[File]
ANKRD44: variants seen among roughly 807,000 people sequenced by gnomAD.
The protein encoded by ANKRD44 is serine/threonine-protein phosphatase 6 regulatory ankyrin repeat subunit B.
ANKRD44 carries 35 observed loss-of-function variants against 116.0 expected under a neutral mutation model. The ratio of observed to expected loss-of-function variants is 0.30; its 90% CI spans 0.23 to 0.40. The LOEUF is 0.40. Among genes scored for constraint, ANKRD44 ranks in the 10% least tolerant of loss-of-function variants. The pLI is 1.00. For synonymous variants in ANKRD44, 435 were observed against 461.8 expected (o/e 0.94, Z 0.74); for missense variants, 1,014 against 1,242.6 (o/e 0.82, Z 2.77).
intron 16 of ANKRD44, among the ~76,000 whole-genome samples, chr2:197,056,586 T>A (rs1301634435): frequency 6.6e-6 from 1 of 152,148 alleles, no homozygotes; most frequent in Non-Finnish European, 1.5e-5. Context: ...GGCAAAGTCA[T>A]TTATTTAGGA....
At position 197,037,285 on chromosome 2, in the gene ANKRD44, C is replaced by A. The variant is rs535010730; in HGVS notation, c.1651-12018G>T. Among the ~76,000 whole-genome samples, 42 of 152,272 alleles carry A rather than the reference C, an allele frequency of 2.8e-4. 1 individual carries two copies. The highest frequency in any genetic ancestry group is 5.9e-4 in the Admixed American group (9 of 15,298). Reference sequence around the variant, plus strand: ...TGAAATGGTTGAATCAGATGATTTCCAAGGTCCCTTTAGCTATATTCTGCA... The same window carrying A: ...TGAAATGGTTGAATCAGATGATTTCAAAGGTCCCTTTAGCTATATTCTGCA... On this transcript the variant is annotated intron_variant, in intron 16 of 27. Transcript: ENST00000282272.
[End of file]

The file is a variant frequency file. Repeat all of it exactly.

ANKRD44: variants seen among roughly 807,000 people sequenced by gnomAD.
The protein encoded by ANKRD44 is serine/threonine-protein phosphatase 6 regulatory ankyrin repeat subunit B.
ANKRD44 carries 35 observed loss-of-function variants against 116.0 expected under a neutral mutation model. The ratio of observed to expected loss-of-function variants is 0.30; its 90% CI spans 0.23 to 0.40. The LOEUF is 0.40. Among genes scored for constraint, ANKRD44 ranks in the 10% least tolerant of loss-of-function variants. The pLI is 1.00. For synonymous variants in ANKRD44, 435 were observed against 461.8 expected (o/e 0.94, Z 0.74); for missense variants, 1,014 against 1,242.6 (o/e 0.82, Z 2.77).
intron 16 of ANKRD44, among the ~76,000 whole-genome samples, chr2:197,056,586 T>A (rs1301634435): frequency 6.6e-6 from 1 of 152,148 alleles, no homozygotes; most frequent in Non-Finnish European, 1.5e-5. Context: ...GGCAAAGTCA[T>A]TTATTTAGGA....
At position 197,037,285 on chromosome 2, in the gene ANKRD44, C is replaced by A. The variant is rs535010730; in HGVS notation, c.1651-12018G>T. Among the ~76,000 whole-genome samples, 42 of 152,272 alleles carry A rather than the reference C, an allele frequency of 2.8e-4. 1 individual carries two copies. The highest frequency in any genetic ancestry group is 5.9e-4 in the Admixed American group (9 of 15,298). Reference sequence around the variant, plus strand: ...TGAAATGGTTGAATCAGATGATTTCCAAGGTCCCTTTAGCTATATTCTGCA... The same window carrying A: ...TGAAATGGTTGAATCAGATGATTTCAAAGGTCCCTTTAGCTATATTCTGCA... On this transcript the variant is annotated intron_variant, in intron 16 of 27. Transcript: ENST00000282272.